`Bouncer` protein halts rheumatoid arthritis

New Delhi: Researchers have figured out how the immune cells of rheumatoid arthritis patients become hyperactive and attack their joints and bones.

It is because these cells lose their `bouncer` - a burly protein that keeps them in line - the same way a bouncer in a nightclub controls rowdy patrons. The Feinberg School of Medicine team has identified this `bouncer` - protein P21.

It checkmates immune cells from going into their destructive mode through the cartilage and bone, the journal Arthritis & Rheumatism reports.

When the scientists developed and injected an imitation of the protein into an animal model of rheumatoid arthritis, it halted the disease process, according to a Feinberg statement. "The bouncer molecule stopped the immune cells from going crazy," said Harris Perlman, associate professor of rheumatology at Northwestern University Feinberg School, who led the study. "Imagine destructive customers in a bar, and the bouncer says, `You are going to behave!` That`s P21. This discovery opens up a new avenue for future therapies, which are greatly needed for rheumatoid arthritis," he said.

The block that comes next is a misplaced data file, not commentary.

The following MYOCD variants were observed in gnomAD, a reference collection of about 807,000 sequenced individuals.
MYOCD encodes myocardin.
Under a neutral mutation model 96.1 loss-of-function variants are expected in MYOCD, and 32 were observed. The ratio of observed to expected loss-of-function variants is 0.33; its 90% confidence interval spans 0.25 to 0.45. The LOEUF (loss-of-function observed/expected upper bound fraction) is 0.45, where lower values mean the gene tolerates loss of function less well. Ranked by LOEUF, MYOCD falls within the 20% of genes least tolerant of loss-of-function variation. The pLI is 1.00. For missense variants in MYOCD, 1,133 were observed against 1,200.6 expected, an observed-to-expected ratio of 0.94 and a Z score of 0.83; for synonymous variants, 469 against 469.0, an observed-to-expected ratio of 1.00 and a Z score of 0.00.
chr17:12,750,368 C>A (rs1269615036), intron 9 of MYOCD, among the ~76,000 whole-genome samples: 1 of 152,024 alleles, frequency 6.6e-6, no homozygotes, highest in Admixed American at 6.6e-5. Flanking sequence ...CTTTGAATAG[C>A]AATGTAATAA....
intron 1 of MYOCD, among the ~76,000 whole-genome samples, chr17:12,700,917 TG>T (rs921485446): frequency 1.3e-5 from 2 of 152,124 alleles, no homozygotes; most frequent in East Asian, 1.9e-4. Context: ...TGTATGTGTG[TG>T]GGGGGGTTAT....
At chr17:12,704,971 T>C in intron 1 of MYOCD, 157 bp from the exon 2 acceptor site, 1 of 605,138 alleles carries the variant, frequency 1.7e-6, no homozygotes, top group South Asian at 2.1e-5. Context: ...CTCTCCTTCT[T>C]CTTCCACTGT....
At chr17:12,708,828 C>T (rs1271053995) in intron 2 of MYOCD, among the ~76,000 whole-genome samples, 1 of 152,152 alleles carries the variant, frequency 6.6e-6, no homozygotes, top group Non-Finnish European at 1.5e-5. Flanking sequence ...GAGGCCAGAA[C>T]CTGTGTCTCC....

Previous research by the Feinberg team showed people with rheumatoid arthritis were low in P21, but the protein`s role was unknown. The new study, reveals the protein`s vital role in keeping the immune cells in check. Currently, there is no effective, non-toxic way to stop the hyperactive immune cells, Perlman said.


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